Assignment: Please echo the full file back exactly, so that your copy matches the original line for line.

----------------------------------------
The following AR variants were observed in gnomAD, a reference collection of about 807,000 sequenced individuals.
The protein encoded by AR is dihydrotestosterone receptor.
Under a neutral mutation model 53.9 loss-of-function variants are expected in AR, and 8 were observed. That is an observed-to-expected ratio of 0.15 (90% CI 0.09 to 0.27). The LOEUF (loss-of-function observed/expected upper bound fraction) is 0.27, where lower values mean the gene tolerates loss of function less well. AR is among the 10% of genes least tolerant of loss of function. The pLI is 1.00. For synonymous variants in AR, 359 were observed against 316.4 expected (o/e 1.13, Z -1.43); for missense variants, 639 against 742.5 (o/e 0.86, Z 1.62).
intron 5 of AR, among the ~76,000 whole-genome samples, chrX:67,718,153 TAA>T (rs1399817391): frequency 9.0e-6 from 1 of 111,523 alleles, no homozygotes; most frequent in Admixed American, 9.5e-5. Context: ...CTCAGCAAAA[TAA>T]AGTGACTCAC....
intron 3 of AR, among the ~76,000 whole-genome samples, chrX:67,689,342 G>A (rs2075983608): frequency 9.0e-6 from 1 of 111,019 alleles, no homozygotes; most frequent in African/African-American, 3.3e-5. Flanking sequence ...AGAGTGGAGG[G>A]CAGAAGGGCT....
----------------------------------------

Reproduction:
The following AR variants were observed in gnomAD, a reference collection of about 807,000 sequenced individuals.
The protein encoded by AR is dihydrotestosterone receptor.
Under a neutral mutation model 53.9 loss-of-function variants are expected in AR, and 8 were observed. That is an observed-to-expected ratio of 0.15 (90% CI 0.09 to 0.27). The LOEUF (loss-of-function observed/expected upper bound fraction) is 0.27, where lower values mean the gene tolerates loss of function less well. AR is among the 10% of genes least tolerant of loss of function. The pLI is 1.00. For synonymous variants in AR, 359 were observed against 316.4 expected (o/e 1.13, Z -1.43); for missense variants, 639 against 742.5 (o/e 0.86, Z 1.62).
intron 5 of AR, among the ~76,000 whole-genome samples, chrX:67,718,153 TAA>T (rs1399817391): frequency 9.0e-6 from 1 of 111,523 alleles, no homozygotes; most frequent in Admixed American, 9.5e-5. Context: ...CTCAGCAAAA[TAA>T]AGTGACTCAC....
intron 3 of AR, among the ~76,000 whole-genome samples, chrX:67,689,342 G>A (rs2075983608): frequency 9.0e-6 from 1 of 111,019 alleles, no homozygotes; most frequent in African/African-American, 3.3e-5. Flanking sequence ...AGAGTGGAGG[G>A]CAGAAGGGCT....